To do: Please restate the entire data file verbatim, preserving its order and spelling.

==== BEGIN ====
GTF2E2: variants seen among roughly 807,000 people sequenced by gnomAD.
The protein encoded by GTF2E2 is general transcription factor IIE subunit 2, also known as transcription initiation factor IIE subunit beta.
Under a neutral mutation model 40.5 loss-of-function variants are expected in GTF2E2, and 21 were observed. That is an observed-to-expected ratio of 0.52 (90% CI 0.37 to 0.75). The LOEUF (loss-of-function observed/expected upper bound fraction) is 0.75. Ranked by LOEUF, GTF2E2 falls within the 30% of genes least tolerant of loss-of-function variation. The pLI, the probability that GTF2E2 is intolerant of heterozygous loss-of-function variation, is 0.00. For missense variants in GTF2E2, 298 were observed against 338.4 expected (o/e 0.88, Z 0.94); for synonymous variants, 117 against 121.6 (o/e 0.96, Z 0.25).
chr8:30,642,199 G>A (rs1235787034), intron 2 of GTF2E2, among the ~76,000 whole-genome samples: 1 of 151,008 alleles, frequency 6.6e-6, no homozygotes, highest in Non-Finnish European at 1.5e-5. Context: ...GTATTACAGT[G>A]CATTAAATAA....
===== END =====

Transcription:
GTF2E2: variants seen among roughly 807,000 people sequenced by gnomAD.
The protein encoded by GTF2E2 is general transcription factor IIE subunit 2, also known as transcription initiation factor IIE subunit beta.
Under a neutral mutation model 40.5 loss-of-function variants are expected in GTF2E2, and 21 were observed. That is an observed-to-expected ratio of 0.52 (90% CI 0.37 to 0.75). The LOEUF (loss-of-function observed/expected upper bound fraction) is 0.75. Ranked by LOEUF, GTF2E2 falls within the 30% of genes least tolerant of loss-of-function variation. The pLI, the probability that GTF2E2 is intolerant of heterozygous loss-of-function variation, is 0.00. For missense variants in GTF2E2, 298 were observed against 338.4 expected (o/e 0.88, Z 0.94); for synonymous variants, 117 against 121.6 (o/e 0.96, Z 0.25).
chr8:30,642,199 G>A (rs1235787034), intron 2 of GTF2E2, among the ~76,000 whole-genome samples: 1 of 151,008 alleles, frequency 6.6e-6, no homozygotes, highest in Non-Finnish European at 1.5e-5. Context: ...GTATTACAGT[G>A]CATTAAATAA....